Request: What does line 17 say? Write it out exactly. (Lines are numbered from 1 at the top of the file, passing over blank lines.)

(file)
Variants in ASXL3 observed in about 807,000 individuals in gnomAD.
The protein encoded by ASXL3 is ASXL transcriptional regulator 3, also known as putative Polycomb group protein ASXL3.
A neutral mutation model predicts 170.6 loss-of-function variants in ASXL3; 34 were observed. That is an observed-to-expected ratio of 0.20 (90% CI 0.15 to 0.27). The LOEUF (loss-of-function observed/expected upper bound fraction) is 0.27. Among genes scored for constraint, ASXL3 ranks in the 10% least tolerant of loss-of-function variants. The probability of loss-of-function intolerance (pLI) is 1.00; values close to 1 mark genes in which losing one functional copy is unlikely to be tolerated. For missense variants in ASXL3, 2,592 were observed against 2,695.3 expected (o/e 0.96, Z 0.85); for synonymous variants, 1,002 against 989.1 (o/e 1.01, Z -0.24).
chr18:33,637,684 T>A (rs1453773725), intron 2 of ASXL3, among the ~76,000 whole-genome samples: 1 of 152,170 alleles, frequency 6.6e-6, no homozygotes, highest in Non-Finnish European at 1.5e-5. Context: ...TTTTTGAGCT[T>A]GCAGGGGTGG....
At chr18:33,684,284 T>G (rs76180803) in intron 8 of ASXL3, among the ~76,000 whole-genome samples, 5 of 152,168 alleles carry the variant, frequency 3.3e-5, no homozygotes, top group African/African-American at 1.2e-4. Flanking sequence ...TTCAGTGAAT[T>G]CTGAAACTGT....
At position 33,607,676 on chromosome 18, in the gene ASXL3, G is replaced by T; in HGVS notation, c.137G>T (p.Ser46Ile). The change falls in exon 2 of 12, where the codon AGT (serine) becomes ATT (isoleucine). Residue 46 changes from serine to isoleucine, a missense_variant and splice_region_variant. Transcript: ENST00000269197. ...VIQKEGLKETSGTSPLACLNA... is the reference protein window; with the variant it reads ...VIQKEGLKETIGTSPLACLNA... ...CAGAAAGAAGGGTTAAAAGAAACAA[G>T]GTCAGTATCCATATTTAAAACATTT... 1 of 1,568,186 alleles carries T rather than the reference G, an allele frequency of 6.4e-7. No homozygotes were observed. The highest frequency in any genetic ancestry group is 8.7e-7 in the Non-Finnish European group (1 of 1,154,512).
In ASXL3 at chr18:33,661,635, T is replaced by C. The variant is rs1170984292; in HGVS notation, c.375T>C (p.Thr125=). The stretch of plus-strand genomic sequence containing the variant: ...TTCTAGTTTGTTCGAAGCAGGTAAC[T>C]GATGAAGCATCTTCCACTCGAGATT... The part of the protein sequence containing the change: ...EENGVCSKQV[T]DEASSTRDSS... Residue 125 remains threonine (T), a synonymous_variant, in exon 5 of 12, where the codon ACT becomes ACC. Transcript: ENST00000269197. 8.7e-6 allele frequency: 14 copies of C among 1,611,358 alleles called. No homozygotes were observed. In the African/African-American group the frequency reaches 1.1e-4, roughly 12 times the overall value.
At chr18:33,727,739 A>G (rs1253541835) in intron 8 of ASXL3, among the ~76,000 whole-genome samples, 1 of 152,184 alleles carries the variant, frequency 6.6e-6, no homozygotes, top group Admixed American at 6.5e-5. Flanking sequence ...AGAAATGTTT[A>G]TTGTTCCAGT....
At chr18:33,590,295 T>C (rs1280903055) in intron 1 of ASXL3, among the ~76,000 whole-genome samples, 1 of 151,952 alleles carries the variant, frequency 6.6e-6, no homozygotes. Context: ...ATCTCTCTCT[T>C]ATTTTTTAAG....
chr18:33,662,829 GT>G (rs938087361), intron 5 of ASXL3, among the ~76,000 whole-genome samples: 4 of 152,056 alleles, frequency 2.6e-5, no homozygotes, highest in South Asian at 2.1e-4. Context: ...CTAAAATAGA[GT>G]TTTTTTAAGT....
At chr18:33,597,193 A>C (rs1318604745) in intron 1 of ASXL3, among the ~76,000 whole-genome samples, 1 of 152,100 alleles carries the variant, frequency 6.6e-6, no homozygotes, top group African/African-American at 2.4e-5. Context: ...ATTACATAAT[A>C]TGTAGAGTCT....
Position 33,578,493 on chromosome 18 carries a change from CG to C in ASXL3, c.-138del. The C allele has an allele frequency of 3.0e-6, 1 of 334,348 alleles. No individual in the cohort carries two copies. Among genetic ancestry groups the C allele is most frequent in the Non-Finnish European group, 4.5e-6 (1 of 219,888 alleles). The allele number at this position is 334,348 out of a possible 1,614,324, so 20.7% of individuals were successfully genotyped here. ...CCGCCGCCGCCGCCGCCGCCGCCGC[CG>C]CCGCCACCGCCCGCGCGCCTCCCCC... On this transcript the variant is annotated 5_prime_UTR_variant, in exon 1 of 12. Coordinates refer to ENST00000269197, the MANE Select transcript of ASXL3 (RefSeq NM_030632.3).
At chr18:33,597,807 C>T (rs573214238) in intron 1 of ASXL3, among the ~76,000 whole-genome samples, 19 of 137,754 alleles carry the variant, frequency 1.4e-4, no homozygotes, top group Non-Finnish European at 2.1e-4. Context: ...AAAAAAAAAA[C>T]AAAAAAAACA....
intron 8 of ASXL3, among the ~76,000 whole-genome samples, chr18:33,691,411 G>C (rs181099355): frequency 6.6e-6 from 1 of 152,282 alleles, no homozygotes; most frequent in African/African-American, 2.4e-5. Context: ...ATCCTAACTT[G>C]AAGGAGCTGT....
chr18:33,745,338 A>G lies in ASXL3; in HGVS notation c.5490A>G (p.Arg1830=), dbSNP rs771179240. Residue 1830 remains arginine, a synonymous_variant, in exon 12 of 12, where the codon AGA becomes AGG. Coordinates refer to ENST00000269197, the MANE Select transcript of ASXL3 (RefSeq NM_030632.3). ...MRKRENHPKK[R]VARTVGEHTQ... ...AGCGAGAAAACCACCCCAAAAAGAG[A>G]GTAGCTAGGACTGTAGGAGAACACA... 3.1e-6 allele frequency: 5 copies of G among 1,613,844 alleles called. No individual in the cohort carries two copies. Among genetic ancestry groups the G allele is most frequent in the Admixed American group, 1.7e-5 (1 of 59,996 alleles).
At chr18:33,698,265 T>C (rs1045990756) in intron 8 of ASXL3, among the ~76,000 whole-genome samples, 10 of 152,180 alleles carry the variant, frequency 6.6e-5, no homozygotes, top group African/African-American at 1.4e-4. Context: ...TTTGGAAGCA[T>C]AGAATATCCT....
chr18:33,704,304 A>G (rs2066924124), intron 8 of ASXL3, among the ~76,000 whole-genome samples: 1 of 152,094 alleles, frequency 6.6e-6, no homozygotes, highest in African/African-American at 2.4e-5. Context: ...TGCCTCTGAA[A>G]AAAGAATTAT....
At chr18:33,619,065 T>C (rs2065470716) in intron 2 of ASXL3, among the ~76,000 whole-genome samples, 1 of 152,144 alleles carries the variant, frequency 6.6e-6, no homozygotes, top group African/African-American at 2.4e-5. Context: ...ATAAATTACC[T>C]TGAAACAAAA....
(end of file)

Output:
chr18:33,704,304 A>G (rs2066924124), intron 8 of ASXL3, among the ~76,000 whole-genome samples: 1 of 152,094 alleles, frequency 6.6e-6, no homozygotes, highest in African/African-American at 2.4e-5. Context: ...TGCCTCTGAA[A>G]AAAGAATTAT....